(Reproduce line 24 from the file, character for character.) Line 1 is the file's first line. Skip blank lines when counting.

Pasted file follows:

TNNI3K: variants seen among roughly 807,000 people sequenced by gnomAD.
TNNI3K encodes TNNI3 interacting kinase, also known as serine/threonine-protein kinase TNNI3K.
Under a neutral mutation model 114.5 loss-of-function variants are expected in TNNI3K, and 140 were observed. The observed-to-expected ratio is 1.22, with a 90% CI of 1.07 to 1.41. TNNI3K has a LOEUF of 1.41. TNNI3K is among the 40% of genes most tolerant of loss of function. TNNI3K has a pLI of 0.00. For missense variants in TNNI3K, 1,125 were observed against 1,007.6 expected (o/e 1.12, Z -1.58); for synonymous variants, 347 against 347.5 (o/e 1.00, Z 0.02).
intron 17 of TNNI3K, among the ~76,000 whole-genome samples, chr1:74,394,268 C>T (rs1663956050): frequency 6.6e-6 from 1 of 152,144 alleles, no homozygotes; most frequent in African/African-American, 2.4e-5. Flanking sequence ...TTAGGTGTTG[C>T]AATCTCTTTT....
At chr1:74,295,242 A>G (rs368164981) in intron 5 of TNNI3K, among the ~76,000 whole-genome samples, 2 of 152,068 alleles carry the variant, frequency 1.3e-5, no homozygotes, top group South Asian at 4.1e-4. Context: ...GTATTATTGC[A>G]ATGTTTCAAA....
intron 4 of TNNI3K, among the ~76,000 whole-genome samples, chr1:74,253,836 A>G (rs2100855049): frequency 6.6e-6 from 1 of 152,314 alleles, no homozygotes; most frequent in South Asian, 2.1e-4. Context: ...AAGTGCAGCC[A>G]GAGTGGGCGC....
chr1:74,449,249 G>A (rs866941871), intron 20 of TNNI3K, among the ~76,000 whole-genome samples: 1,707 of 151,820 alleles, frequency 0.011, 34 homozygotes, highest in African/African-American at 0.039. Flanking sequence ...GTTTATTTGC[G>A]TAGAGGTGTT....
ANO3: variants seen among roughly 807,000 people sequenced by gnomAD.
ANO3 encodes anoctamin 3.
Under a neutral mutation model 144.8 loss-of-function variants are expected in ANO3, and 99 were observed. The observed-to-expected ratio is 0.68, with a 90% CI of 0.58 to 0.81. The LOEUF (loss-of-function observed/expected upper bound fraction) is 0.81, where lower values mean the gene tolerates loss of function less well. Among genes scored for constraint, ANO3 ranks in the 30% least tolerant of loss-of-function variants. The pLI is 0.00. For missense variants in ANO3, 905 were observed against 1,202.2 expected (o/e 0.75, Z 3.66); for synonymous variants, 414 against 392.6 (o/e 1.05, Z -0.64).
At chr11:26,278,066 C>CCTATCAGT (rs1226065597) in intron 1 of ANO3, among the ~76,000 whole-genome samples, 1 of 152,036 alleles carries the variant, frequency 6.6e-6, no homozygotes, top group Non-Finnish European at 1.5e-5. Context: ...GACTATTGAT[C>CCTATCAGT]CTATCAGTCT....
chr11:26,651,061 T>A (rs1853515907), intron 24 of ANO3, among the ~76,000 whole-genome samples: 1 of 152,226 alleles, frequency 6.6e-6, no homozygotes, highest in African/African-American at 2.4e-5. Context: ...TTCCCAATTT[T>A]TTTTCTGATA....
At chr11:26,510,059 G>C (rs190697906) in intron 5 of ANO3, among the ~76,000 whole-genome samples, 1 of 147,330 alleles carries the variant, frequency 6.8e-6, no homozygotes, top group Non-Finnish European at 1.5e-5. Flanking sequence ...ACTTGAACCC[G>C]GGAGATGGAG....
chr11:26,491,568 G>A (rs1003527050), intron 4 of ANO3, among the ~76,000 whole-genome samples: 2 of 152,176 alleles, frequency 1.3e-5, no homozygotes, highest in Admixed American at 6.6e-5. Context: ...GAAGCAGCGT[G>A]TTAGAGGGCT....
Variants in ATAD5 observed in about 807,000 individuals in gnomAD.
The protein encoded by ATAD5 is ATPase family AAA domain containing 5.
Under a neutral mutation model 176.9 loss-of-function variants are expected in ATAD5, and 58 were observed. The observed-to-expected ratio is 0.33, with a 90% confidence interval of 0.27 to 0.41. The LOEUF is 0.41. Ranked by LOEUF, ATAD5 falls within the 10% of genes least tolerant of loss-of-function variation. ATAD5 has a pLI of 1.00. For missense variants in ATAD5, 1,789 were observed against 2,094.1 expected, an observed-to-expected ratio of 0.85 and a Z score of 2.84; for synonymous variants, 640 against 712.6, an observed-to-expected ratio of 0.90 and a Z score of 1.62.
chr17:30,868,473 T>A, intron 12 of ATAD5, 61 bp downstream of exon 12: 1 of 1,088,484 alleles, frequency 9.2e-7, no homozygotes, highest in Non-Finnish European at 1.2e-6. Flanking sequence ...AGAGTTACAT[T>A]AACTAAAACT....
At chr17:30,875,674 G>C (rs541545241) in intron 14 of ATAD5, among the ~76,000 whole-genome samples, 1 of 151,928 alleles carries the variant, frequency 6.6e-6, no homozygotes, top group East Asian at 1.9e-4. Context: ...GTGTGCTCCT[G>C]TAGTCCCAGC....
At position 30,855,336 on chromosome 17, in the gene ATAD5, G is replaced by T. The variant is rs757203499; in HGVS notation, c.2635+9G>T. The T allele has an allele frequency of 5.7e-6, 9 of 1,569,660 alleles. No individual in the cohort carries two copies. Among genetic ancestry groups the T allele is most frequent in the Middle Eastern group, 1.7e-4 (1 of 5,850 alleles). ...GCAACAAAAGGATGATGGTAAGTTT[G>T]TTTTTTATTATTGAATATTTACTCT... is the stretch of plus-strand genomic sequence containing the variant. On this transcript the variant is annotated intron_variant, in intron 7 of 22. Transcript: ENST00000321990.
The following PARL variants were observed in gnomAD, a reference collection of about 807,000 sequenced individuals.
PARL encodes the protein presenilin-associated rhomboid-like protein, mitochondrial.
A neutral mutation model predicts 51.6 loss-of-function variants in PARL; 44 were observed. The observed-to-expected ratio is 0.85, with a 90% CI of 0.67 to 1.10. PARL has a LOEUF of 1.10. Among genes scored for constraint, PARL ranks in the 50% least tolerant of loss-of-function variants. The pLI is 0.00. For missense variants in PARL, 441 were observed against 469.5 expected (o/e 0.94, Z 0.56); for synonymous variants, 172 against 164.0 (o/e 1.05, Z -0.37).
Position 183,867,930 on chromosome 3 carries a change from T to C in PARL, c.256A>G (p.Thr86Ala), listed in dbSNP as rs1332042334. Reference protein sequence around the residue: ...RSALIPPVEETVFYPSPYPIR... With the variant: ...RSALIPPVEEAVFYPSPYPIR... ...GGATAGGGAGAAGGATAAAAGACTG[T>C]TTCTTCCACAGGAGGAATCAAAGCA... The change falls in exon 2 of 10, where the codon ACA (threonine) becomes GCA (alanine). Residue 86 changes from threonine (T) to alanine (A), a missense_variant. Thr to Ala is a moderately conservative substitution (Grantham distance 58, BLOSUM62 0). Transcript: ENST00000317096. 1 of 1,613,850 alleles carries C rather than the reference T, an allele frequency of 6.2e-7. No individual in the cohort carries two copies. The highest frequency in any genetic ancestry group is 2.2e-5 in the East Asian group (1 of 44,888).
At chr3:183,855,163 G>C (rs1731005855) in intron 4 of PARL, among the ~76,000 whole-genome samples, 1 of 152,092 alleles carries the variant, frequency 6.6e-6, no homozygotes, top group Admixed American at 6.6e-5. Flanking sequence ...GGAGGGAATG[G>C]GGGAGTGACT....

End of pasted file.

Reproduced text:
Position 183,867,930 on chromosome 3 carries a change from T to C in PARL, c.256A>G (p.Thr86Ala), listed in dbSNP as rs1332042334. Reference protein sequence around the residue: ...RSALIPPVEETVFYPSPYPIR... With the variant: ...RSALIPPVEEAVFYPSPYPIR... ...GGATAGGGAGAAGGATAAAAGACTG[T>C]TTCTTCCACAGGAGGAATCAAAGCA... The change falls in exon 2 of 10, where the codon ACA (threonine) becomes GCA (alanine). Residue 86 changes from threonine (T) to alanine (A), a missense_variant. Thr to Ala is a moderately conservative substitution (Grantham distance 58, BLOSUM62 0). Transcript: ENST00000317096. 1 of 1,613,850 alleles carries C rather than the reference T, an allele frequency of 6.2e-7. No individual in the cohort carries two copies. The highest frequency in any genetic ancestry group is 2.2e-5 in the East Asian group (1 of 44,888).